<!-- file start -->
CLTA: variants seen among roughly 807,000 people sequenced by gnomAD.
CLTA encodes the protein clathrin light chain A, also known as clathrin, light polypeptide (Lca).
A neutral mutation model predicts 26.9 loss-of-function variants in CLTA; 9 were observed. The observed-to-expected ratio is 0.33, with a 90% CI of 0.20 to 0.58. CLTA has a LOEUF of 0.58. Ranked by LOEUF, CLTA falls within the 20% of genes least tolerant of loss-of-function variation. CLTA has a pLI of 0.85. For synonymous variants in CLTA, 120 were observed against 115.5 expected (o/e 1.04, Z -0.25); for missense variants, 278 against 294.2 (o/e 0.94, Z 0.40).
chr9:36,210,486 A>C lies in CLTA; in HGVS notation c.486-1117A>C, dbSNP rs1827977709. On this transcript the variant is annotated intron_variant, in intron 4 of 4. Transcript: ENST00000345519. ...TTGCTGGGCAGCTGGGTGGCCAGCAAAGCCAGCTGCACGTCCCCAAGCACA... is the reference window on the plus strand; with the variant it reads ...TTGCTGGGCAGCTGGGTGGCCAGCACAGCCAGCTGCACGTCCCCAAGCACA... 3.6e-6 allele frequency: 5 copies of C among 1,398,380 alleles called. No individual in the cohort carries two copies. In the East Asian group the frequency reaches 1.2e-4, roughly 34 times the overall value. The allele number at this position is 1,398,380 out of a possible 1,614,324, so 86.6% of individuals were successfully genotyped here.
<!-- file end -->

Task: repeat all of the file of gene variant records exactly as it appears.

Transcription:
CLTA: variants seen among roughly 807,000 people sequenced by gnomAD.
CLTA encodes the protein clathrin light chain A, also known as clathrin, light polypeptide (Lca).
A neutral mutation model predicts 26.9 loss-of-function variants in CLTA; 9 were observed. The observed-to-expected ratio is 0.33, with a 90% CI of 0.20 to 0.58. CLTA has a LOEUF of 0.58. Ranked by LOEUF, CLTA falls within the 20% of genes least tolerant of loss-of-function variation. CLTA has a pLI of 0.85. For synonymous variants in CLTA, 120 were observed against 115.5 expected (o/e 1.04, Z -0.25); for missense variants, 278 against 294.2 (o/e 0.94, Z 0.40).
chr9:36,210,486 A>C lies in CLTA; in HGVS notation c.486-1117A>C, dbSNP rs1827977709. On this transcript the variant is annotated intron_variant, in intron 4 of 4. Transcript: ENST00000345519. ...TTGCTGGGCAGCTGGGTGGCCAGCAAAGCCAGCTGCACGTCCCCAAGCACA... is the reference window on the plus strand; with the variant it reads ...TTGCTGGGCAGCTGGGTGGCCAGCACAGCCAGCTGCACGTCCCCAAGCACA... 3.6e-6 allele frequency: 5 copies of C among 1,398,380 alleles called. No individual in the cohort carries two copies. In the East Asian group the frequency reaches 1.2e-4, roughly 34 times the overall value. The allele number at this position is 1,398,380 out of a possible 1,614,324, so 86.6% of individuals were successfully genotyped here.